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Clin Microbiol Infect. 2007 Apr;13(4):354-62.

Tigecycline: in-vitro performance as a predictor of clinical efficacy.

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1
Health Protection Agency, West Midlands Public Health Laboratory, Heart of England NHS Foundation Trust, Birmingham, UK. peter.hawkey@heartofengland.nhs.uk

Abstract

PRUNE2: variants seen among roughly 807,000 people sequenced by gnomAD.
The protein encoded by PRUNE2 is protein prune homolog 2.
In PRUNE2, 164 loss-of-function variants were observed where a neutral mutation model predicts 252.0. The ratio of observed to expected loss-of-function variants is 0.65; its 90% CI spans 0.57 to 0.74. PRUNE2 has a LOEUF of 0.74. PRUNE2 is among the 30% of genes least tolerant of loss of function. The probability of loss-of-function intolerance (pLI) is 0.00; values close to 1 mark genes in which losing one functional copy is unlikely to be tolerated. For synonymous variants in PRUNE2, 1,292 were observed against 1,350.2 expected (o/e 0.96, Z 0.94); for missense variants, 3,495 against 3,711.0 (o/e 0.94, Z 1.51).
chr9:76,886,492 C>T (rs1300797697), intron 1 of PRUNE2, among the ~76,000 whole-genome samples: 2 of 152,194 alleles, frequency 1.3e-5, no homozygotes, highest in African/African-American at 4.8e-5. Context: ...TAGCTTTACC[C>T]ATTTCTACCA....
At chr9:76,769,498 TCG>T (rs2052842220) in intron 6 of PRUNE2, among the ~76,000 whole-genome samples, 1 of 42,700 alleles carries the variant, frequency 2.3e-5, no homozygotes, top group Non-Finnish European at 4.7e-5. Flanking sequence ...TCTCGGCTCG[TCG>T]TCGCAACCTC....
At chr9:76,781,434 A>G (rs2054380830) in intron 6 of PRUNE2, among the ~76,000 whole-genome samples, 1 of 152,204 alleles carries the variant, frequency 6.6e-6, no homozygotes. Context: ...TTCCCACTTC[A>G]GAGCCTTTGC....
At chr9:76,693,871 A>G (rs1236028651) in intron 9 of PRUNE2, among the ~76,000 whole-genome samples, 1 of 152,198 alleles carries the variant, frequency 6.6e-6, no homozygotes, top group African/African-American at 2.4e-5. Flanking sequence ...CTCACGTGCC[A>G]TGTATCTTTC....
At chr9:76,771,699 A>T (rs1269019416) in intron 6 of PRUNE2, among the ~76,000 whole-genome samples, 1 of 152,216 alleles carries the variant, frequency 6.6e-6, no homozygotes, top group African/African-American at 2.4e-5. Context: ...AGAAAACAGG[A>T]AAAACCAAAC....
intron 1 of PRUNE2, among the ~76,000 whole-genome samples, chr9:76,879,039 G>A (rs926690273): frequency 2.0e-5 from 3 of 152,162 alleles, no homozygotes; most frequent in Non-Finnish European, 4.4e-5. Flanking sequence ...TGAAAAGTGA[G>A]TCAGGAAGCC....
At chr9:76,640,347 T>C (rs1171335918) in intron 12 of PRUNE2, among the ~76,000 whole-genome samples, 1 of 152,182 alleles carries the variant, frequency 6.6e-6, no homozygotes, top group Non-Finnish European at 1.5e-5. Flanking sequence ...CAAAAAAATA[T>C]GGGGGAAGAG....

The incidence of nosocomial disease caused by Gram-negative pathogens is increasing, and infections caused by Enterobacter, Klebsiella, Acinetobacter, Escherichia coli and Pseudomonas aeruginosa are more commonly refractive to traditional antimicrobial agents, including aminoglycosides, fluoroquinolones and broad-spectrum cephalosporins. The most important mechanism of resistance to beta-lactam antibiotics among Gram-negative bacilli involves the production of beta-lactamases. Extended-spectrum beta-lactamases are particularly worrisome, since they are often associated with multidrug resistance phenotypes, which can pose a significant therapeutic challenge. Novel agents for the treatment of Gram-negative infections are uncommon, as recent emphasis has been placed on the development of agents targeting drug-resistant strains of Gram-positive bacteria, e.g., streptococci, enterococci and staphylococci. Tigecycline, a semi-synthetic derivative of minocycline, has a unique and novel mechanism of action, which not only allows this agent to overcome the well-known tet gene-encoded resistance mechanisms, but also maintains its activity against Gram-negative pathogens producing a broad array of extended-spectrum beta-lactamases. Tigecycline is the first example of a new class of glycylcyclines with activity against a wide range of clinically important Gram-negative pathogens. Tigecycline has potent antimicrobial activity, and has been associated with an excellent therapeutic response in animal infection models and recently reported clinical trials, which reflect the effectiveness of tigecycline against pathogens causing intra-abdominal, skin and soft-tissue infections, including susceptible or multidrug-resistant strains of most Enterobacteriaceae, as well as anaerobic pathogens.

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